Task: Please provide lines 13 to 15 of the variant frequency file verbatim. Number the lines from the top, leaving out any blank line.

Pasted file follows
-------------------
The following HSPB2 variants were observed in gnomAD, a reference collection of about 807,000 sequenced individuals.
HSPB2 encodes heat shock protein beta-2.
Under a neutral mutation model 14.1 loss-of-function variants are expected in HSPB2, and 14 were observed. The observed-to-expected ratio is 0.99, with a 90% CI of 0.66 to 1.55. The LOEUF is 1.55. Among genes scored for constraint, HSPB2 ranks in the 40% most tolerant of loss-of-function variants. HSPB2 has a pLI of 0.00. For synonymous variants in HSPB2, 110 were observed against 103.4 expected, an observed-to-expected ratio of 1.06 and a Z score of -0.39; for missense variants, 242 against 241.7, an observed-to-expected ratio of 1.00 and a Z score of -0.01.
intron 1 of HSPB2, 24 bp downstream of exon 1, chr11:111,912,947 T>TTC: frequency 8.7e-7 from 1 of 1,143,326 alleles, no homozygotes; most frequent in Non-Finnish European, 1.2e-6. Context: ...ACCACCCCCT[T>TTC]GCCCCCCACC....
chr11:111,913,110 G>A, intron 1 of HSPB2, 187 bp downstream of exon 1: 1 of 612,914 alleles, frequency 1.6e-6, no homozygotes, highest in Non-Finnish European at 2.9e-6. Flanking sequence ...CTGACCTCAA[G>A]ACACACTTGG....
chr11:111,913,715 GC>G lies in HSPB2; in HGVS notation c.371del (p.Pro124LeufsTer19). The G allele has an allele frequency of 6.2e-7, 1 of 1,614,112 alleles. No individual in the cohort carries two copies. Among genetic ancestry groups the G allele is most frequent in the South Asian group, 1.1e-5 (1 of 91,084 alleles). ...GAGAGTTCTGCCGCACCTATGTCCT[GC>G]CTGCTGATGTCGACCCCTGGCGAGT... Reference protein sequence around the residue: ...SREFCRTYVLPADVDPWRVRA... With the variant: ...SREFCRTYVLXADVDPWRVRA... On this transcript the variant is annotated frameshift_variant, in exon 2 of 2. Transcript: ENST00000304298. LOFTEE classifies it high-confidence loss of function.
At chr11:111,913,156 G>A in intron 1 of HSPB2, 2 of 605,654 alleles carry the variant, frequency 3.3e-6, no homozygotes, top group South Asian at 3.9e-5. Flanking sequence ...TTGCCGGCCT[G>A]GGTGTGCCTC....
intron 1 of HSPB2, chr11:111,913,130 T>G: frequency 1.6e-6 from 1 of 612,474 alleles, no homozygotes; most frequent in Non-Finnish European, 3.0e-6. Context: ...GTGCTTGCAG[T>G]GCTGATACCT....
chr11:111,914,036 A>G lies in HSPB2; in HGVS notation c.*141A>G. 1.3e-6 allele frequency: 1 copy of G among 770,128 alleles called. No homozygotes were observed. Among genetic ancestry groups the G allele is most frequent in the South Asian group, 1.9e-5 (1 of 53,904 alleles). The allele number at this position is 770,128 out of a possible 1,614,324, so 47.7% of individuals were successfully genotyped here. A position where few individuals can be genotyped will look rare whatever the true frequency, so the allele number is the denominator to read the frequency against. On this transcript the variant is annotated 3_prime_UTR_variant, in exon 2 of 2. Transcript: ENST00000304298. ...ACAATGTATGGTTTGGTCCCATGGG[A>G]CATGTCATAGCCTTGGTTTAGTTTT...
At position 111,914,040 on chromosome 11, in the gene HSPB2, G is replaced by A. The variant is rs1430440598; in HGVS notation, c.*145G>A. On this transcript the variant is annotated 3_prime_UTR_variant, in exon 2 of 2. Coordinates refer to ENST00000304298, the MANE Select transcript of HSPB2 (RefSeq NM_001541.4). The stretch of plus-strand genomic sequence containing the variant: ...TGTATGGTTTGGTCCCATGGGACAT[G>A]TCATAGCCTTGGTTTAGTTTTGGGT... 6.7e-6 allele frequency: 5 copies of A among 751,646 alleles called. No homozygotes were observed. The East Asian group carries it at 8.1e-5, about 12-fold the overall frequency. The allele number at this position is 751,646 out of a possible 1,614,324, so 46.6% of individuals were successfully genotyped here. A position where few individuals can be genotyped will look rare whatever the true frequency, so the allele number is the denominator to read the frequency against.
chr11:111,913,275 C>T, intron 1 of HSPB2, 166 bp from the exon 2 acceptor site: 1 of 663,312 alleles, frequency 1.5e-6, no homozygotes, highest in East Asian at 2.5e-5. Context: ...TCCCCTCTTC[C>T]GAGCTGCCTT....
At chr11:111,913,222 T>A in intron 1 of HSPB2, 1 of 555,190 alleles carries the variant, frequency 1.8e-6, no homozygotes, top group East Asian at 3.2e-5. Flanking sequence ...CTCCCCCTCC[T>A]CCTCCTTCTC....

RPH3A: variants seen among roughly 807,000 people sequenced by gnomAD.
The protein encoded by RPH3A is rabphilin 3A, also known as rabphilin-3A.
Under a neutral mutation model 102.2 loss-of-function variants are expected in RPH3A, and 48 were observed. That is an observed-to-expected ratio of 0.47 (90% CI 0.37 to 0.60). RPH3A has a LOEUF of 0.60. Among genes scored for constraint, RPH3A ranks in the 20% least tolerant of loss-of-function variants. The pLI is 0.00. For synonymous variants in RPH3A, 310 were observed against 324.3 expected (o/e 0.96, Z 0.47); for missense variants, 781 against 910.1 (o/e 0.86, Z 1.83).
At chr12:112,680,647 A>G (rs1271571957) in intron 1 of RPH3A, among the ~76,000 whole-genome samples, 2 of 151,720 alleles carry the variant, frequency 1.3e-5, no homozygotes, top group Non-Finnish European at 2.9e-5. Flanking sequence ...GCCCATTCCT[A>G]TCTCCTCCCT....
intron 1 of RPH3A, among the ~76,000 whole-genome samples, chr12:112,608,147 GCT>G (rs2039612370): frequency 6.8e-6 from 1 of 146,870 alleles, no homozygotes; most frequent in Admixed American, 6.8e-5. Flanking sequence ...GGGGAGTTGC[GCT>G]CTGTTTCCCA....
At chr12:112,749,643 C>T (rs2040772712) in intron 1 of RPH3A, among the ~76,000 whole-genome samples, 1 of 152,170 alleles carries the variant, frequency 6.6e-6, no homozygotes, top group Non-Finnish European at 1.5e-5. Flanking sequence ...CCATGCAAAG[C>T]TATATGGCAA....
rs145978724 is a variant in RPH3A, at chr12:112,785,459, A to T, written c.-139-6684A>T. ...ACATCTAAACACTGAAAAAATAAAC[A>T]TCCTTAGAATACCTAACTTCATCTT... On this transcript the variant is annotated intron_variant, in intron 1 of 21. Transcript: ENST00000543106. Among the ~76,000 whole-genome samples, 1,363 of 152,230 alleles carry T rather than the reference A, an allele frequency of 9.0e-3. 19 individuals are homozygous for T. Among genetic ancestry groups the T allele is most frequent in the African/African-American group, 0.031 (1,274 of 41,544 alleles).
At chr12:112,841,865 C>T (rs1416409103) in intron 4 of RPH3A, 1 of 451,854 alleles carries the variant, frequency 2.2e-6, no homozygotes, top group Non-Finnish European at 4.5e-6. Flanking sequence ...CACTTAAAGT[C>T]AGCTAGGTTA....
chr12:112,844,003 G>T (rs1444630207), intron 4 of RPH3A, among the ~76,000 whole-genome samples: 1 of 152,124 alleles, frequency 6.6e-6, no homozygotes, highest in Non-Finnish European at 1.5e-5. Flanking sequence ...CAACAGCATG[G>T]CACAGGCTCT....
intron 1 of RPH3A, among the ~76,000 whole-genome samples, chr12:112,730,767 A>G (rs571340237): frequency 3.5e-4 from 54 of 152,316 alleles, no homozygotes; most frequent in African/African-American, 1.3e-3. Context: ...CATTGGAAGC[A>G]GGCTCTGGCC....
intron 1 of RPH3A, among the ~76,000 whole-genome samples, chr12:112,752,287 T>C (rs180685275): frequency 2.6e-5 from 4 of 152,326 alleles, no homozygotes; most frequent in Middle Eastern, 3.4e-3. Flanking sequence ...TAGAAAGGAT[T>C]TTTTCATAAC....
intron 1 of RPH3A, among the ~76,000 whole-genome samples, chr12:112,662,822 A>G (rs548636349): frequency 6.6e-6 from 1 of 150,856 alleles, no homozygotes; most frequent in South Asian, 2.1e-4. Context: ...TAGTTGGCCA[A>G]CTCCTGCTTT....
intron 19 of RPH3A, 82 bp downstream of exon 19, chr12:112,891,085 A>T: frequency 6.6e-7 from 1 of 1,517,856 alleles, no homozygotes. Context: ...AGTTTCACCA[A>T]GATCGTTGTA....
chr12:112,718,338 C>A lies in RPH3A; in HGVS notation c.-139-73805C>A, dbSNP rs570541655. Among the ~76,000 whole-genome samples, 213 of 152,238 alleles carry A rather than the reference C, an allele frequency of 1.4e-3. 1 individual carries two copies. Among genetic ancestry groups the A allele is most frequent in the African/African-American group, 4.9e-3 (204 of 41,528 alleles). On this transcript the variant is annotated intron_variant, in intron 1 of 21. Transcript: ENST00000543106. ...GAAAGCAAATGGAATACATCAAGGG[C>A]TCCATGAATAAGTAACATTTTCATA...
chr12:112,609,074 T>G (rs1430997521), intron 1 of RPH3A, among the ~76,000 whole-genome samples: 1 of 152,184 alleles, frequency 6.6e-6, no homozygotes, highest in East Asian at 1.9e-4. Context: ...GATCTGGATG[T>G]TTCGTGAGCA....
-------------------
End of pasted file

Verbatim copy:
RPH3A: variants seen among roughly 807,000 people sequenced by gnomAD.
The protein encoded by RPH3A is rabphilin 3A, also known as rabphilin-3A.
Under a neutral mutation model 102.2 loss-of-function variants are expected in RPH3A, and 48 were observed. That is an observed-to-expected ratio of 0.47 (90% CI 0.37 to 0.60). RPH3A has a LOEUF of 0.60. Among genes scored for constraint, RPH3A ranks in the 20% least tolerant of loss-of-function variants. The pLI is 0.00. For synonymous variants in RPH3A, 310 were observed against 324.3 expected (o/e 0.96, Z 0.47); for missense variants, 781 against 910.1 (o/e 0.86, Z 1.83).